Several USGS investigations have evaluated the nitrogen loads and trends entering Long Island's surrounding estuaries from groundwater and surface water. Trends in nitrogen concentration and nitrogen loads entering the South Shore Estuary Reserve (Monti and Scorca, 2003) were evaluated on 13 major south-shore streams in Nassau and Suffolk Counties, Long Island, New York with adequate long-term (1971-1997) water-quality records. Furthermore, 192 south-shore wells with sufficient water-quality data, were selected for analysis of geographic, seasonal, and long-term trends in nitrogen concentration. An example of the long-term trend in one of the 13 streams is shown in figure 30.
Seasonal and long-term trends of nitrogen loads entering Long Island Sound from groundwater and streams on Long Island, New York were analyzed for four major streams on the north shore of Long Island that have long-term discharge and water-quality records for the period 1985-1996 (Scorca and Monti, 2001).
Volatile Organic Compounds
Volatile Organic Compounds (VOCs) "are organic compounds that can be isolated from the water phase of a sample by purging the water sample with inert gas, such as helium, and, subsequently, analyzed by gas chromatography. Many VOCs are human-made chemicals that are used and produced in the manufacture of paints, adhesives, petroleum products, pharmaceuticals, and refrigerants. They often are compounds of fuels, solvents, hydraulic fluids, paint thinners, and dry-cleaning agents commonly used in urban settings. VOC contamination of drinking water supplies is a human-health concern because many are toxic and are known or suspected human carcinogens — (U.S. Geological Survey, 2005).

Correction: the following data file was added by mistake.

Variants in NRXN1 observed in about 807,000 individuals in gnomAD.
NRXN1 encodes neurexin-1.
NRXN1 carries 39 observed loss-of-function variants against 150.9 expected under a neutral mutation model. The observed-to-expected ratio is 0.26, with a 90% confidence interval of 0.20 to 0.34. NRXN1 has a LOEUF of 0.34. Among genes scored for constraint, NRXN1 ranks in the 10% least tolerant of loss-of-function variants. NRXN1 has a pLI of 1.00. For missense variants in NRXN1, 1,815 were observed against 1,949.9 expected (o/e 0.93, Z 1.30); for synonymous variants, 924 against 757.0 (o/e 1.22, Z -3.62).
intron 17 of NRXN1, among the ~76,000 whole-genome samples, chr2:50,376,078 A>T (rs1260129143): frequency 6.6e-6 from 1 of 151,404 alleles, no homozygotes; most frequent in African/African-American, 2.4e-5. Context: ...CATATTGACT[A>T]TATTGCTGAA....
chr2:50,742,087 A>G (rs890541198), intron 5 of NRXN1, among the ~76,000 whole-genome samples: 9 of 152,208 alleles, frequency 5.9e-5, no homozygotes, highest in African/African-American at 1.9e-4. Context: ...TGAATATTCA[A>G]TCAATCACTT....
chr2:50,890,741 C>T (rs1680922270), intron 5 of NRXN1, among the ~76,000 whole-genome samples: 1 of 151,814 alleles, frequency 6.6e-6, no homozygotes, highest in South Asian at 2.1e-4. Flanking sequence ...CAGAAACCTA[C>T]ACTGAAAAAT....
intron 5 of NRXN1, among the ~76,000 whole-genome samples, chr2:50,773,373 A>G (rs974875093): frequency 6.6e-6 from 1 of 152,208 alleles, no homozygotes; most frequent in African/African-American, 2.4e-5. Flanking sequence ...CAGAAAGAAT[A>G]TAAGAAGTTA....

Source: Nawqa Reports on VOCs analysis.
In 2002, the U.S. Geological Survey (USGS), in cooperation with the Suffolk County Water Authority (SCWA), began a 4-year study to document the occurrence of pharmaceutically active compounds in groundwater wells throughout Suffolk County. Benotti and others (2006) collected seventy (70) water samples from 61 wells in the upper glacial and Magothy aquifers (9 wells were sampled twice) during 2002–2005 and analyzed for 24 pharmaceuticals. Wells were selected for their proximity to known wastewater-treatment facilities that discharge to the shallow upper glacial aquifer. Of the 70 samples taken, pharmaceuticals were detected in 28, of which 19 contained one compound, and 9 contained two or more compounds. The report summarizes the results from the study and relates the concentrations and frequencies of detection to those reported from a 1998–2000 nationwide study of streams that receive wastewater (Kolpin and others, 2002).
Perchlorate (ClO4-) is a common groundwater constituent with both synthetic and natural sources. A potentially important source of ClO4- is past agricultural application of ClO4-3- fertilizer imported from the Atacama Desert, Chile, but evidence for this has been largely circumstantial. Bohlke and others (2009), reported perchlorate was present in all samples collected in the study, and some concentrations exceeded the New York drinking-water guidance level of 50 nmol/L (5 μg/L). The highest concentrations were from the areas where fireworks disposal and military activities were potential sources.
Table of Contents
State of the Aquifer, Long Island, New York - Introduction
Location and Physical Setting
State of the Aquifer System
Below are other science projects associated with this project.